Instant lenders fail to bury regulation effort

Representatives of so-called "instant" or "payday" lenders failed Tuesday in their efforts to wreck legislative amendments that would regulate their industry and the cap interest payments they could demand from hard-pressed borrowers.

After considering Economy Ministry proposals to introduce new regulations aimed at preventing desperate members of the public taking out loans thay cannot afford, the Saeima committee on economic, agrarian, environmental and regional policies asked the Economy Ministry to tinker with the detail of the legislative amendments but agreed to return the matter to parliament for debate as public interest rises in whether loan providers have too much political influence.

Baiba Fromane, the head of the self-regulating Latvian Association of Non-bank Lenders, said that existing consumer protection rights were sufficient.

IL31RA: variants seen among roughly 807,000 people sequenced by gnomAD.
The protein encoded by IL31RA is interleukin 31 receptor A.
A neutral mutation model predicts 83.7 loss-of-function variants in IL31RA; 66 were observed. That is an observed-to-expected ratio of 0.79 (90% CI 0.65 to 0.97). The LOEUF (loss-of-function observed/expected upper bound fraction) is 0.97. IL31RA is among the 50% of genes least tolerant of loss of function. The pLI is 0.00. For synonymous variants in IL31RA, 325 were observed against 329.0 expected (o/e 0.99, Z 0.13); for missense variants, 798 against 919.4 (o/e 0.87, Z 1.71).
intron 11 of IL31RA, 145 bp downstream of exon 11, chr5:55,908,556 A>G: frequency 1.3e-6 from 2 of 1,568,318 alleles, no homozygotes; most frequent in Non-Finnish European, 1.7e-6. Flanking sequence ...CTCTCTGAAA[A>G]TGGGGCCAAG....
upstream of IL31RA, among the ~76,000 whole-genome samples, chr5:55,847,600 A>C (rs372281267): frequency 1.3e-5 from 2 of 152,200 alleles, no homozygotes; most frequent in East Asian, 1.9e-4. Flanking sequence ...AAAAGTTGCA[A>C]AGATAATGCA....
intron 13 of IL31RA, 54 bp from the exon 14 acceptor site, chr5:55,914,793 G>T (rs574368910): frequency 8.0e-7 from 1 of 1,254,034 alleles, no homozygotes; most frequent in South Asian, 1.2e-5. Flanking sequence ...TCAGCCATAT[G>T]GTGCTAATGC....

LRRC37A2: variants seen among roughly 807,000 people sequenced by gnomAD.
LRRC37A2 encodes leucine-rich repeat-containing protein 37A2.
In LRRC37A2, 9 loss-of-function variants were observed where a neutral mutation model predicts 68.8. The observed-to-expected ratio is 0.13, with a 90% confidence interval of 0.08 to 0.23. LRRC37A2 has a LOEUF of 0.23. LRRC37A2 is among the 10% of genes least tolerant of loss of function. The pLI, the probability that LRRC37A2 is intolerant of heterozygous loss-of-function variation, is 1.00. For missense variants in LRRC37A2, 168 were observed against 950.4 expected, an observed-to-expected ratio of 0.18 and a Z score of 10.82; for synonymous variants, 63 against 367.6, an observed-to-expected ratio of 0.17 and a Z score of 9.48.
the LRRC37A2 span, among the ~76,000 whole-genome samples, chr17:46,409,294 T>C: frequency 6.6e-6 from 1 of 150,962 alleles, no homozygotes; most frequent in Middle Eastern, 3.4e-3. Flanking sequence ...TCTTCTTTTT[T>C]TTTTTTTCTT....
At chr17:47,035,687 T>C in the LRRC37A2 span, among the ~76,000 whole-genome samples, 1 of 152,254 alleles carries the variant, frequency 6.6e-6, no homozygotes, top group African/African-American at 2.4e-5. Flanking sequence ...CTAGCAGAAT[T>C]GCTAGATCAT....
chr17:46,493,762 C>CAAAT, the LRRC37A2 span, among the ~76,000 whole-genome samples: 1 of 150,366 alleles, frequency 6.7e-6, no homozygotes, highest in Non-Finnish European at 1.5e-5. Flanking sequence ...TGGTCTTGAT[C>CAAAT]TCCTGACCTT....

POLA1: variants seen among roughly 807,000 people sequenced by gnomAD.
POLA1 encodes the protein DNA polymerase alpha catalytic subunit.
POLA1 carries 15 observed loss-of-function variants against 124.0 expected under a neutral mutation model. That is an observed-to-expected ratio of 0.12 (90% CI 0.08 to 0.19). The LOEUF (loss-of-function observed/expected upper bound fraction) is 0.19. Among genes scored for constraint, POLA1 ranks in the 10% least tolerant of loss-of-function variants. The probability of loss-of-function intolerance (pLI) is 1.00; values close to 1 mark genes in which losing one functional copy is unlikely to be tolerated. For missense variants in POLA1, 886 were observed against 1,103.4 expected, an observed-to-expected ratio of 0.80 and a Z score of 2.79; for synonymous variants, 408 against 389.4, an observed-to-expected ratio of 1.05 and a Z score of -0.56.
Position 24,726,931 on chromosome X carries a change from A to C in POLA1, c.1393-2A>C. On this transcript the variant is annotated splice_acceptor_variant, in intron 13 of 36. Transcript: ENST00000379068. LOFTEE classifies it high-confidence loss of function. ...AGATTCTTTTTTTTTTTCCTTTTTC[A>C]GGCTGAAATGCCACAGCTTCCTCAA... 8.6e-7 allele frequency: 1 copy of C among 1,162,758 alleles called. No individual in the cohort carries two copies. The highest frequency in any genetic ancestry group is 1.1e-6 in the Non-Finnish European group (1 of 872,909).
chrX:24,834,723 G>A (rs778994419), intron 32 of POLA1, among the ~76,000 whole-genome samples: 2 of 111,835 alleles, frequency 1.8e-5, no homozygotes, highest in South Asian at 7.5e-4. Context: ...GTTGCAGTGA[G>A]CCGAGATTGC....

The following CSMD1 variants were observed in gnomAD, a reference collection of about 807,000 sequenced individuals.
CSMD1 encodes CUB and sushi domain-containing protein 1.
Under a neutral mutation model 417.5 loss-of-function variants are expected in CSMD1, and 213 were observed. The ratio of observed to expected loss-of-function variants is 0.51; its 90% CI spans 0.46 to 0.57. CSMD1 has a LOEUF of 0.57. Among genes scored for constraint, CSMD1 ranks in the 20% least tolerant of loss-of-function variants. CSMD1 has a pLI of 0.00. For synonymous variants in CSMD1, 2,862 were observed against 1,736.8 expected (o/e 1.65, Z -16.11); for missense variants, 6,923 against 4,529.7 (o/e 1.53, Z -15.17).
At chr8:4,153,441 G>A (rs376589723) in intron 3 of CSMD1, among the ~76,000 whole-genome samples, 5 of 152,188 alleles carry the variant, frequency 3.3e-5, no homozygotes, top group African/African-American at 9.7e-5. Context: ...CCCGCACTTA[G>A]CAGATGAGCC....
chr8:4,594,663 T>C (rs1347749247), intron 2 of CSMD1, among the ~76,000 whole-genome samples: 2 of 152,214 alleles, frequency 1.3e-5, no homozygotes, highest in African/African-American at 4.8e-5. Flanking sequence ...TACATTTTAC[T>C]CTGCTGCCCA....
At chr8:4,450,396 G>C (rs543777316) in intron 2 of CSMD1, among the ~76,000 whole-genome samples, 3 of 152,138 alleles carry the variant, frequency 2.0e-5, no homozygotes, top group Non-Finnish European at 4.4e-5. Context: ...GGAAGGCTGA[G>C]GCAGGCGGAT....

Representatives of the Latvian Chamber of Commerce and Industry and the Latvian Confederation of Employers spoke against regulation.

On the other side, Economy Ministry representatives said the amendments were designed to prevent borrowers getting into an endless debt spiral.

So-called "instant" or "payday" loans have grown rapidly in popularity in recent years, largely as a result of the unwillingness of the major banks to extend credit to low-earners. Many come with high rates of interest that make them hard to repay but huge advertising campaigns and carefully-worded terms and conditions mean they are a last resort for many low-income families.

The Economics Ministry has proposed limiting the annual interest rate on instant loans to a maximum of 100 percent, while capping late payment interest rates at 0.05% per day.

The amendments would also ban the advertising and issuing of instant loans between 11 p.m. and 7 a.m in a bid to stop borrowers taking out loans while intoxicated.

Similar amendments were recently passed by the Estonian parliament.

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